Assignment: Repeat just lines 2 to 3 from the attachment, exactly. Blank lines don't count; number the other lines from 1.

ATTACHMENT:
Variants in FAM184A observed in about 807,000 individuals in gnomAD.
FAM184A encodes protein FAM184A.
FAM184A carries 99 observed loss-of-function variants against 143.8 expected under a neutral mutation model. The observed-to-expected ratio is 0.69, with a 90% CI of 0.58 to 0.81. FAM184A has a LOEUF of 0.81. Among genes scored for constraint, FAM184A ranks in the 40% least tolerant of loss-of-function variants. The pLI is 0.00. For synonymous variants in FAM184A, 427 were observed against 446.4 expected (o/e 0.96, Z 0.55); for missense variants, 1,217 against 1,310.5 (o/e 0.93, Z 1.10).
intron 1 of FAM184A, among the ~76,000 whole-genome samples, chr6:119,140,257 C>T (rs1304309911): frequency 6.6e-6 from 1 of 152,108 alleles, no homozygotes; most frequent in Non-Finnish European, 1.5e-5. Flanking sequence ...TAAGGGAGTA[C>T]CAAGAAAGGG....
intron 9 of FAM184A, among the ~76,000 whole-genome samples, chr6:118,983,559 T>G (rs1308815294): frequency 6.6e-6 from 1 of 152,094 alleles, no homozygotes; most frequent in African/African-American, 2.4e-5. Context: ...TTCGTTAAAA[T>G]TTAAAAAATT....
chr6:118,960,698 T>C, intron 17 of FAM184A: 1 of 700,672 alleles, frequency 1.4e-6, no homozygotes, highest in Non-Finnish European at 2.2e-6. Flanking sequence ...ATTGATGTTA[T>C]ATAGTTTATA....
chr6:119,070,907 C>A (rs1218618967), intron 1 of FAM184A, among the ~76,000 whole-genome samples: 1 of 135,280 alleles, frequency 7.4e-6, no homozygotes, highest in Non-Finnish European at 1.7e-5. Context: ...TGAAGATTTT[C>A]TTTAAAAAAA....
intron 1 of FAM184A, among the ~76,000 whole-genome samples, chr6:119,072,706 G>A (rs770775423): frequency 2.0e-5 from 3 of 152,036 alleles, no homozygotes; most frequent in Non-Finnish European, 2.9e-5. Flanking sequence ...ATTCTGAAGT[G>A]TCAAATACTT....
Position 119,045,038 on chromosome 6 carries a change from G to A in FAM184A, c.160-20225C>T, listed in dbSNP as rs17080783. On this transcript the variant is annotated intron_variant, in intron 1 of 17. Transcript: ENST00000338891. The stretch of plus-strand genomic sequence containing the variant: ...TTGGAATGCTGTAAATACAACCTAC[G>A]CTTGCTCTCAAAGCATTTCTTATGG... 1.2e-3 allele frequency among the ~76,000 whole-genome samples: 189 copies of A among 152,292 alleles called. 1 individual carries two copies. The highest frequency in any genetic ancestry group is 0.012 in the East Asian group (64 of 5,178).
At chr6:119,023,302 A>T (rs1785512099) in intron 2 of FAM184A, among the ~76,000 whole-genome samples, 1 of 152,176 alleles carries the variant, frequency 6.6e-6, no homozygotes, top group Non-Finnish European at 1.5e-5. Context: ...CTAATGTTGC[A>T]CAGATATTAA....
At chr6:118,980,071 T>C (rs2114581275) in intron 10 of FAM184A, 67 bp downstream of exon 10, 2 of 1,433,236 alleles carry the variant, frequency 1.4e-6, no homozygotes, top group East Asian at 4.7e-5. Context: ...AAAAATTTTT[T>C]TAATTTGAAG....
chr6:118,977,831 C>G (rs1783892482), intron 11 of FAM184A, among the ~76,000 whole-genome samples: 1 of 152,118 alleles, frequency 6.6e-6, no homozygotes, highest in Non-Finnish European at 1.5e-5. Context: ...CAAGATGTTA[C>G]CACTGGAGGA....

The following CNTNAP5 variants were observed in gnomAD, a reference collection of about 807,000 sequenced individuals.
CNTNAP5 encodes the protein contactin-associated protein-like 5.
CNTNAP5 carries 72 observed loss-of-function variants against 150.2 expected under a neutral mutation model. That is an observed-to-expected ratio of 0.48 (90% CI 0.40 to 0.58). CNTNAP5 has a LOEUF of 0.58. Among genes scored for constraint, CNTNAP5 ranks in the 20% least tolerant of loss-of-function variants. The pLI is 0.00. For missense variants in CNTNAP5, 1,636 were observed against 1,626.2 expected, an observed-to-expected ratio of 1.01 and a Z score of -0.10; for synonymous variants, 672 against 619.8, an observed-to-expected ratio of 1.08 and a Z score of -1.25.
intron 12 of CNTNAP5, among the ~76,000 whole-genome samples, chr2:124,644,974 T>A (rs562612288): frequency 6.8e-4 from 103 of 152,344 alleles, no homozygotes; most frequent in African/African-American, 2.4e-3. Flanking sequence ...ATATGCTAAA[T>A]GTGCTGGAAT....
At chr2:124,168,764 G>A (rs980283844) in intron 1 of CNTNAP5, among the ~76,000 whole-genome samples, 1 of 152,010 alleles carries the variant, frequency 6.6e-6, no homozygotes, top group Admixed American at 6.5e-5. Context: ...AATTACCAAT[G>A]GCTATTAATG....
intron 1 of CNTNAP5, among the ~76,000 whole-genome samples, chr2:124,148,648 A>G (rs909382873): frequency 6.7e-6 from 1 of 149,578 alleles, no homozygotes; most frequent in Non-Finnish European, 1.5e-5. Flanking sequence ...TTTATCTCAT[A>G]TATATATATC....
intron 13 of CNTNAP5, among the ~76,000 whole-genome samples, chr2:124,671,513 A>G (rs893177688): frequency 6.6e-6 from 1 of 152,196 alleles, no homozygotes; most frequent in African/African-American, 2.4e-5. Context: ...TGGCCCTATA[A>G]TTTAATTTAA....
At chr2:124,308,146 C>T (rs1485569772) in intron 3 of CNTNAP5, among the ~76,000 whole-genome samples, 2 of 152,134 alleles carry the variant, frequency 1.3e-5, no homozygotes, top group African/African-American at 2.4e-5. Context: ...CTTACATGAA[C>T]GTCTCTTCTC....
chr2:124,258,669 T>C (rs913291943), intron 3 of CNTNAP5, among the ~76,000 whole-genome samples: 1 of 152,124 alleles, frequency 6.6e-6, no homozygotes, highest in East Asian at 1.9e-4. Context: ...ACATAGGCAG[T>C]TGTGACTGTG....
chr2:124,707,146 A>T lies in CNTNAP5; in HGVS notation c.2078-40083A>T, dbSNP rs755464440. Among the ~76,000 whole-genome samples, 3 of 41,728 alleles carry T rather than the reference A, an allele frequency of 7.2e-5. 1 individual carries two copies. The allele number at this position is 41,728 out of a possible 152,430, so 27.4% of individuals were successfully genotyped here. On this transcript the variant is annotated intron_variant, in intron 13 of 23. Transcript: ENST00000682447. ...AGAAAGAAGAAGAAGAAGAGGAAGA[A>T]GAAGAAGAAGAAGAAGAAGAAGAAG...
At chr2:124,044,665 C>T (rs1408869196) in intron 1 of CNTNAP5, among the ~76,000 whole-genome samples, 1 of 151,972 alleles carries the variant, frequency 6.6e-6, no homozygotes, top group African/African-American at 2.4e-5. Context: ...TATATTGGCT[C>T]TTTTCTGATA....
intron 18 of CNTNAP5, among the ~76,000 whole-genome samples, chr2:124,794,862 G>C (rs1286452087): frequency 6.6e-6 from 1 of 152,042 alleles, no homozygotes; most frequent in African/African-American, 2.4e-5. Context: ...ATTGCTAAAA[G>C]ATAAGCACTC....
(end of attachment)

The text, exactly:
FAM184A encodes protein FAM184A.
FAM184A carries 99 observed loss-of-function variants against 143.8 expected under a neutral mutation model. The observed-to-expected ratio is 0.69, with a 90% CI of 0.58 to 0.81. FAM184A has a LOEUF of 0.81. Among genes scored for constraint, FAM184A ranks in the 40% least tolerant of loss-of-function variants. The pLI is 0.00. For synonymous variants in FAM184A, 427 were observed against 446.4 expected (o/e 0.96, Z 0.55); for missense variants, 1,217 against 1,310.5 (o/e 0.93, Z 1.10).